The argument stems from Descartes inability to explain how he knows, with the clarity of the natural light, that he exists right now as a thinking entity. For Descartes, clarity of knowing is the highest ideal. He places intellect above all. God is the ultimate intellect.

He also uses his conception of God, as a singular intellect, to argue for monotheism. Descartes argues that because he, Descartes, has a single intellect, God is singular and not a pantheon of gods. There is no need for a pantheon on gods. This argument works whether the sufficiency of a singular intellect comes from a logical argument i.e. one single, perfect and infinite intellect is logically all that’s needed. Or, it also works, if the argument reflects an idea that perfection is unity in intellect (something which he seems to share with the stoics) i.e. that perfection for Descartes means that everything can be explained and encompassed by the natural light, by the single guiding principle of intellect.

The two arguments are one intellect is all that is needed and one intellect is perfection.

For Descartes, emotions are given far less reality than intellect. (In this way, he seems to share much in common with Epictetus’ stoics.) This leads to my thought experiment. I wonder how Descartes proof of God would change if he were a hero from a Greek epic, say the Iliad or the Odyssey? The characters in these epics put a high premium on emotions. Emotions have a greater reality than even appearances. Gods morph into humans. Human actions reflect the whims of gods. Divine and semi divine creatures threaten the fulfillment of human intent. The world is full of seemingly random, emotional events which interfere with the best laid, intellect driven plans of people. In fact cunning, often thought of has cleverness or intelligence, in Odysseus, is defined as the ability to deceive. Deception and manipulation rule to roost. Intellect is an ineffective tool in the world of Greek epics.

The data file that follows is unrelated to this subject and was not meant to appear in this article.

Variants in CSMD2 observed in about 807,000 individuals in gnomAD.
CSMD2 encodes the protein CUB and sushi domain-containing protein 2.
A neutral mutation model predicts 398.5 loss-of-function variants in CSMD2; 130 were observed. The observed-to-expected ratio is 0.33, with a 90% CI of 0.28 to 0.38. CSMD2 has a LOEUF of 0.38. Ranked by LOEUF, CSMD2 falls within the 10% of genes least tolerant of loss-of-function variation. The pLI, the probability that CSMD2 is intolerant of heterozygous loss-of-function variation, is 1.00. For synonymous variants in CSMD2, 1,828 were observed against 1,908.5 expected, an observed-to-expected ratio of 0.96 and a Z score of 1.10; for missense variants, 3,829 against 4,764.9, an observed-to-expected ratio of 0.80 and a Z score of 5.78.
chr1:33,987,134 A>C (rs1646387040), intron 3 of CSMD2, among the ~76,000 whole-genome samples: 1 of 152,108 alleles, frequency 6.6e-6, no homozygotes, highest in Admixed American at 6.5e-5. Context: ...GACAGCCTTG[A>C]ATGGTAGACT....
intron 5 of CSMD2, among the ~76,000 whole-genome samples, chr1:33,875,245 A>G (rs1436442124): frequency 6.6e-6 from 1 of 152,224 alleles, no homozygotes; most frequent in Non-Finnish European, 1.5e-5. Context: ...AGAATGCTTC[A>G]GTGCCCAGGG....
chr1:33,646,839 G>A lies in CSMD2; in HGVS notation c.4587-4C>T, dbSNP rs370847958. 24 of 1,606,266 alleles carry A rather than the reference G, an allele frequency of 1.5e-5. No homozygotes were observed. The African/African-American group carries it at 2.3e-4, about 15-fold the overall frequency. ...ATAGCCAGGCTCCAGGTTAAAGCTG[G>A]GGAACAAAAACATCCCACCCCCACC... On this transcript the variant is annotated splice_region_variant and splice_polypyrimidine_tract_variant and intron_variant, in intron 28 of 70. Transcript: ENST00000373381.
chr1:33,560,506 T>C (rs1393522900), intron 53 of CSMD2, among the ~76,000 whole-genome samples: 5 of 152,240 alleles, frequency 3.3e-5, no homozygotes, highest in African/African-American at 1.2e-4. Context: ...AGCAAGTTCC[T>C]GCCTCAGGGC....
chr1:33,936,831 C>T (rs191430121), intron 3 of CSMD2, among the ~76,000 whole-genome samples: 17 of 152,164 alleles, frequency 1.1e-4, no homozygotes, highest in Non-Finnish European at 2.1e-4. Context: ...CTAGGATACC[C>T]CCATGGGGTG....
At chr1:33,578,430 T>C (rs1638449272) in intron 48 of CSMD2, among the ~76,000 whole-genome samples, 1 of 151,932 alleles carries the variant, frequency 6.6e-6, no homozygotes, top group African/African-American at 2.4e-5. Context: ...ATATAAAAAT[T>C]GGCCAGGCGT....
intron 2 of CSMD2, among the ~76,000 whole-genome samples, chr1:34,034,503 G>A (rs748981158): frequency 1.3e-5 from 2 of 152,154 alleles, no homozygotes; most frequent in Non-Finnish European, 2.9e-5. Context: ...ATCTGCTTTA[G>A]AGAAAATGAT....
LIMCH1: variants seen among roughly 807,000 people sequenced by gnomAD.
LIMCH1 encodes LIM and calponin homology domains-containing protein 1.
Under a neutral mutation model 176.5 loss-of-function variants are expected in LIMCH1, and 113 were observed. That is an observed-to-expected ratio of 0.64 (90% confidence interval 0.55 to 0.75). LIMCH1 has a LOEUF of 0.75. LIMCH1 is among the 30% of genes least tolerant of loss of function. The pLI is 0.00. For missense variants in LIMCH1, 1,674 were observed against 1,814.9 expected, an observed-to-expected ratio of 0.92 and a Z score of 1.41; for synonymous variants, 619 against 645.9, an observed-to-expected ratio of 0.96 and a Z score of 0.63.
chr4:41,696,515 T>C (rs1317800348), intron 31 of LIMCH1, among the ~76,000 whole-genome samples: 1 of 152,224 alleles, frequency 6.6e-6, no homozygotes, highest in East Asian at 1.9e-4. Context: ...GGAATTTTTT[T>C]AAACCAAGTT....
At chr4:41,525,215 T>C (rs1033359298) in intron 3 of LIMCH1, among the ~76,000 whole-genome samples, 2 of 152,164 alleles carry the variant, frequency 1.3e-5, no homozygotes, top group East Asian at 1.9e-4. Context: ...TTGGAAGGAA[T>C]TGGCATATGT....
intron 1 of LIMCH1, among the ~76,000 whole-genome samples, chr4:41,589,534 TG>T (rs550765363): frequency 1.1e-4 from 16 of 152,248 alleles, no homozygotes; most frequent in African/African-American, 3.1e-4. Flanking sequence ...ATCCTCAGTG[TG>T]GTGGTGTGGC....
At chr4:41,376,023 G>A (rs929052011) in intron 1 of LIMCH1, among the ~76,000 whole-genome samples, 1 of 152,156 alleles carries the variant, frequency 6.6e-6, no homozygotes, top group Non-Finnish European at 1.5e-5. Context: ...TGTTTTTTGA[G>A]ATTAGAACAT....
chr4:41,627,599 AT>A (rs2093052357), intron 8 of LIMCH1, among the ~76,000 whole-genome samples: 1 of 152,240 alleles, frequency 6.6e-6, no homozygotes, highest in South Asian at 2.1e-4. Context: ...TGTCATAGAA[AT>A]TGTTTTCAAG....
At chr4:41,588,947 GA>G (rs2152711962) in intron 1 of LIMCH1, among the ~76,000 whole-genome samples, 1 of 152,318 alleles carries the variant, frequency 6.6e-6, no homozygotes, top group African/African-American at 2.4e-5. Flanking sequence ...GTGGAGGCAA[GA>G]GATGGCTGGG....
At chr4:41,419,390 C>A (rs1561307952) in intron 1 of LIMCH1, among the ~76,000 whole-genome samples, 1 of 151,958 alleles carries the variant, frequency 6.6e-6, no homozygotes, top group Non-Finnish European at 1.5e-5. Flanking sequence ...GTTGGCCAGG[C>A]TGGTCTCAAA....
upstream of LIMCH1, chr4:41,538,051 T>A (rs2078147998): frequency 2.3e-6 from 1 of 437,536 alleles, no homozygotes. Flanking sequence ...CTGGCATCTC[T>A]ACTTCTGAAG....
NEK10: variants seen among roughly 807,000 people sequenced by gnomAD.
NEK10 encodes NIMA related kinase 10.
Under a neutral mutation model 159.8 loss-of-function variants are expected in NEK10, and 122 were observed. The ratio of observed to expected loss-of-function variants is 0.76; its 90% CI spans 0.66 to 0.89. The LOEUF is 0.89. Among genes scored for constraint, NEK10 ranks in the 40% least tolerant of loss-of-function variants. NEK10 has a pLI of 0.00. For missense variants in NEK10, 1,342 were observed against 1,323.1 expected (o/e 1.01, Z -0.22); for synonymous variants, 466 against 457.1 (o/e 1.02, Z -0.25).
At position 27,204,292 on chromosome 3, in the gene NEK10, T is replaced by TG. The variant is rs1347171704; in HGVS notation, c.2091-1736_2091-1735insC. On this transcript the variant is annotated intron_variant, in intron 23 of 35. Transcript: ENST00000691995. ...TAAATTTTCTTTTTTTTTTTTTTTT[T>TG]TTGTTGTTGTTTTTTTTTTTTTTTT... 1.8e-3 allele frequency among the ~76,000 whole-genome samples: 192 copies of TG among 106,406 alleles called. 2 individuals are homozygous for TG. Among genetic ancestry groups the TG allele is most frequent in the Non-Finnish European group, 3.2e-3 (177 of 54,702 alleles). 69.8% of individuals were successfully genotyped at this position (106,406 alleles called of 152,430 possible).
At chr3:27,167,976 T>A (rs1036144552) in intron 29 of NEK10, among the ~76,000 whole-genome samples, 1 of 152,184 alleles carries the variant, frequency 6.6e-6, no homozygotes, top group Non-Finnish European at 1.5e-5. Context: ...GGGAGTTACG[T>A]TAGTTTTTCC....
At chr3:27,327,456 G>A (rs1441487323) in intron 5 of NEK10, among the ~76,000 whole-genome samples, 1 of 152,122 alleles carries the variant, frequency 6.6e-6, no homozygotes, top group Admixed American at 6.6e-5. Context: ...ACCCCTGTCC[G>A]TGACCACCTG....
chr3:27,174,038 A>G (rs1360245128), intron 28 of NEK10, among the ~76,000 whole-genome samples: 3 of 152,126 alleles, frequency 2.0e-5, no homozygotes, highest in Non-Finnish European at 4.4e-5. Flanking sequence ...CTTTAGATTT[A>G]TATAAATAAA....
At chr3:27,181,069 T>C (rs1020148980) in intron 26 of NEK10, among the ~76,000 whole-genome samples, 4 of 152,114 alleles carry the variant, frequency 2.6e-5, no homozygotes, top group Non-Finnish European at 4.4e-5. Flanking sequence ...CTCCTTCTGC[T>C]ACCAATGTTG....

If Descartes were a Greek hero, with emotion above all, would he conceive of God as the source of all emotion, the ultimate holder of all emotions? Would he want to have one god hold all these emotions?

It seems conceivable he could look at his own emotions and want to lay claim to having some of them inside himself and others as coming from outside himself. Recognizing the Greek heroes valued different emotions than we do now, I’m going to use those emotions we seem to value in this example. So, for example, Descartes as Greek hero (Descarteus?) may be proud to say he has kindness and love inside him. But, when he hurts someone he may claim that comes from outside himself. Could he abide by the inconsistency of having some emotions inside him and some outside himself? Looking at his emotions and seeing how ephemeral they are and how they can pass over him as though from an outside source, he may very well conclude they all come from outside himself. He may also be unable to feel how one emotion can so easily pass and become another emotion and conclude they are influenced by sources outside himself. Would he want or hold a unity of emotions as supreme? It seems easy to conceive Descarteus developing arguments for the existence of a pantheon of gods, each specializing in one emotion or another, slipping effortlessly into and out of our world, influencing us without our knowledge and arguing amongst themselves leaving us clueless as to the course emotions or actions may take.